Many Rules in One Game
I was inspired by the thought of a game in which, for example, the
rules of Cylindrical Chess might be valid on all the light squares,
while on all the dark squares the rules of Alice Chess would be in
effect; this seemed like a clever new idea which deserved more
discussion because not only could you have different rule sets by
geography, you could also have different ones by time, as in
List Chess -- Multiple Rules at Different Times
- A list of games is chosen by mutual agreement of the two
players. For best results, there should be an odd number of
games on the list, and the number of games should be less than
one fourth of the expected number of turns in the game.
A short and conservative list might be, for example, FIDE Chess,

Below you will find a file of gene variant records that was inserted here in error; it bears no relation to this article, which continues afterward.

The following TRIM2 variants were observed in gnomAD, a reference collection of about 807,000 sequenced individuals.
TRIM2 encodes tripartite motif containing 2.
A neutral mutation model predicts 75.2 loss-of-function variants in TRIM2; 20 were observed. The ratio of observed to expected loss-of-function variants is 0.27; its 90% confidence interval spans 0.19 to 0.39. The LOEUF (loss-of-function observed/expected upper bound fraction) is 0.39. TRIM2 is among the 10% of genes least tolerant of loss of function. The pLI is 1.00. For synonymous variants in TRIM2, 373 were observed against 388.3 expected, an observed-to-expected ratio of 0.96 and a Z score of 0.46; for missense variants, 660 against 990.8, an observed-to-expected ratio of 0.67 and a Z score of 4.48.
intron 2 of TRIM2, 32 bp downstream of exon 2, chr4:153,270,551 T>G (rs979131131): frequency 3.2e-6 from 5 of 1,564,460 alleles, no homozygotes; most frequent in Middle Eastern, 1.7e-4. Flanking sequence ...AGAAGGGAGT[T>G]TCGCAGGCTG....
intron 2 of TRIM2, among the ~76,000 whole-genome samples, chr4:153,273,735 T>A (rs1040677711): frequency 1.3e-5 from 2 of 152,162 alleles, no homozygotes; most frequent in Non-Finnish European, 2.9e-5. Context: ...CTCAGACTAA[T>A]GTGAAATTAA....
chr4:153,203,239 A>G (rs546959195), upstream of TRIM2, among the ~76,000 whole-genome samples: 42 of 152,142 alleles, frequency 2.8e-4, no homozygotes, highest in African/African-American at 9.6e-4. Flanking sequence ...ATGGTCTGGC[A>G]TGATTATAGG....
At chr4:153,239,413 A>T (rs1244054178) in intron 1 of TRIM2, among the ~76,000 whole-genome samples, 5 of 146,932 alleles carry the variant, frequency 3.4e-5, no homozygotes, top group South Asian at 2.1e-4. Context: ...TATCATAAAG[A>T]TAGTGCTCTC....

Nutty Knights versus the same army,
and Clobberers (both sides
use the Colorbound Clobberers).
- White chooses a game from the list; it will be the rules for his
first move. Black chooses a set of rules that has not already
been chosen. White makes a move and chooses one of the remaining
rule sets. Repeat as needed.
- When each of the games has been used once, the players choose
from games that have been chosen only once.
- There are two kinds of checkmate, pictorial and functional.
Pictorial is when you are still in check at the end of your
move, according to the current rules. It is checkmate, even if
the rules change so that your King can't be captured.
Functional checkmate is when you are not in check according to
the current rules, but when the rules change the opponent will
be able to capture your King.
Observations about List Chess
If there is just one game on the list, it is exactly as though you
weren't playing List Chess at all. If there are two games on the
list, the first player has a huge advantage. If there are three
games on the list, the advantage of choosing first is evidently